The kind of song just bombastic enough that you can literally pump your fist along to it, it does find Moore at their most self-aware, grappling with remembrance and acceptance of “timely lessons brought on by anger and ache.” Lyrically, almost the entire song is quote worthy—“Looks like I needed outside perspective/see the shadow behind my blame. Pull out the fragments of us I won’t let go of while you learn to forget my name,” they sing as the song builds towards its refrain, “I get hit time and time again, pulled back—waking up in your bed,” an image juxtaposed against the next line, “Keep sleeping curled up in my car.”

If the conceit of Pass Like Pollen, this whole time, has been about about frightening honesty—by the end, Moore finds that it’s about that kind of honesty with others, as well as with themselves: “Remind myself our season has come and gone.”


I spent, like, four months finding myself more or less immersed in a song by Angie McMahon—“If You Call,” the version featuring Leif Vollenbakk on the Wurlitzer, that appears on her just released Piano Salt EP. 

This literation of the song, which is much more emotionally charged than the way she performs it on her full length last year, is what I’d listen to on my walks to work, before the sun had risen, and on these walks, with the song filling up my ears, I found that, for me, right now, “If You Call” is about a lot of things, but one of those things, at the core of it, is a dissection of a close friendship.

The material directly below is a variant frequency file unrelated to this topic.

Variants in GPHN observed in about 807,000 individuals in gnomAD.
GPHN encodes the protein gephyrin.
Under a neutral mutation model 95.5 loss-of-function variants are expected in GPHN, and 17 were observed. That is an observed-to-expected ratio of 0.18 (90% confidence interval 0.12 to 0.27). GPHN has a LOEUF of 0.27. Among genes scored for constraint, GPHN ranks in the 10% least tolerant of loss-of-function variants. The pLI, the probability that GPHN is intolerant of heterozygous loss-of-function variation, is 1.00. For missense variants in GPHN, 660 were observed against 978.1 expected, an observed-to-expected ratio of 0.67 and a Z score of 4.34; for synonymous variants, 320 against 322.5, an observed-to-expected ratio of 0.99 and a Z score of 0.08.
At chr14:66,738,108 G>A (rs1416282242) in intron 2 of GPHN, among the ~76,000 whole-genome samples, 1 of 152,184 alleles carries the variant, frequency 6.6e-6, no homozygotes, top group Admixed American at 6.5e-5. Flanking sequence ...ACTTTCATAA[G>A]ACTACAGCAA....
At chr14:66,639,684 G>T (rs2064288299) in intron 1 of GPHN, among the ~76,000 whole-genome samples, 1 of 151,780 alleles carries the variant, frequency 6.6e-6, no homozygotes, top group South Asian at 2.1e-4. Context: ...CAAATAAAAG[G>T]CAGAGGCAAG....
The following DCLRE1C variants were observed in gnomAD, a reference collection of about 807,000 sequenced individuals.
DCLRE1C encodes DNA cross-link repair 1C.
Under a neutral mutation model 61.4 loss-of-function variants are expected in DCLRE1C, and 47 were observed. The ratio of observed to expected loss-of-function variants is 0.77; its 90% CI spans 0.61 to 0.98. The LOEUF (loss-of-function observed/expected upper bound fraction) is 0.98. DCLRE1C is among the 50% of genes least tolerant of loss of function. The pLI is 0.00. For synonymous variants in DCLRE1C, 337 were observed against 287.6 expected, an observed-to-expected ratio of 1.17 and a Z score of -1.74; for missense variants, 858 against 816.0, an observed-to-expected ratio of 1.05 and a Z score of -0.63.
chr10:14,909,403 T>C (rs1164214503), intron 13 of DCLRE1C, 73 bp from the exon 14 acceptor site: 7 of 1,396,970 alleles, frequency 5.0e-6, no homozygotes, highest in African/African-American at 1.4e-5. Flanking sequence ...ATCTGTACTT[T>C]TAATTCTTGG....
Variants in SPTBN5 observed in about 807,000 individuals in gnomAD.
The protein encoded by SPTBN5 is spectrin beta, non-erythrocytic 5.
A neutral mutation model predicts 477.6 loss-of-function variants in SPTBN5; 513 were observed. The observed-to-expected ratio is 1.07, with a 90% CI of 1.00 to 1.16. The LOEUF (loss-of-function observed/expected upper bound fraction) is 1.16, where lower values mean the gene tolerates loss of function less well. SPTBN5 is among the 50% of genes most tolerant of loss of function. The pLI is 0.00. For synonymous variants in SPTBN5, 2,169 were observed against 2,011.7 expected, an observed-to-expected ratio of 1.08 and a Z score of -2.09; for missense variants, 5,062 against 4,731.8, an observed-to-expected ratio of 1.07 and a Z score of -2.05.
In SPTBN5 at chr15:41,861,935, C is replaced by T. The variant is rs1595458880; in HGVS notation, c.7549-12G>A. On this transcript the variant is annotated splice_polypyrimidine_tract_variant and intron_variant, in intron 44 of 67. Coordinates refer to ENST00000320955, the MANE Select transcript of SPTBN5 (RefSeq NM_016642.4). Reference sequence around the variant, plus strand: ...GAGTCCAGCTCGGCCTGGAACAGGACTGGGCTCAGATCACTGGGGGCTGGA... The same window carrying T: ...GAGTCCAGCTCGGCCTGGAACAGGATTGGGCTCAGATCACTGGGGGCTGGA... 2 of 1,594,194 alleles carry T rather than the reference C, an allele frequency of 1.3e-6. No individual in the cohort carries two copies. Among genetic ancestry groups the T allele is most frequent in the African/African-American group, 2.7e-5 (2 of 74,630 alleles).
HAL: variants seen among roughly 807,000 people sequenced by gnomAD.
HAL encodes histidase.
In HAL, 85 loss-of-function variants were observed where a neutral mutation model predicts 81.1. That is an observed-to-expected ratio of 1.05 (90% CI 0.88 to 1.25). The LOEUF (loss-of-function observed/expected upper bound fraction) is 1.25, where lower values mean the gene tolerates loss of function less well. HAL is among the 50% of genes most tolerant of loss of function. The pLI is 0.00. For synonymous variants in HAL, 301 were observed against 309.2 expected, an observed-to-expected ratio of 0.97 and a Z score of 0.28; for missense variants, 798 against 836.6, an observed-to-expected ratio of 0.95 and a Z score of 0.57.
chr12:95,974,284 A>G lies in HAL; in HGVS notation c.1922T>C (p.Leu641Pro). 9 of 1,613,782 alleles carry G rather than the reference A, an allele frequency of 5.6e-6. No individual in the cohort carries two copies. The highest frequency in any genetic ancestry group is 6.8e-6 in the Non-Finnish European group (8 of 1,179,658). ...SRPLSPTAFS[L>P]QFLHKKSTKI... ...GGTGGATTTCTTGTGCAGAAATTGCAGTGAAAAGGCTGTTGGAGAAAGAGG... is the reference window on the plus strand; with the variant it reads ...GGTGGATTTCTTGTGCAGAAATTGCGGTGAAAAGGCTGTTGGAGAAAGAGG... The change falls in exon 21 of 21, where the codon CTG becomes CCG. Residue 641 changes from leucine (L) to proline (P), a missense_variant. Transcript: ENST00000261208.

But it took a little bit of time for me to unpack that part of it. 

It took a lot less time for me to find something similar, though presented much much differently, in Pass Like Pollen’s stunning “Las Manos,” which is, by far, one of those most arresting and poignant songs I have heard in this wretched year. 

Subjectively, Cartalk is a relatively “new” band in the sense that Moore just began releasing material from Pass Like Pollen last year, slowly building the project around the Los Angeles area in 2019 and at the start of 2020, but the mythology around the band dates back to 2017, with early, self-recorded material featuring Moore and their close friend, Kenny Becker, frontman of the group Goon.

Moore befriended Becker after approaching him following a Goon show, and the two, apparently, would talk for hours in the car—eventually, there was a late night text that simply said, “Love our car talks.”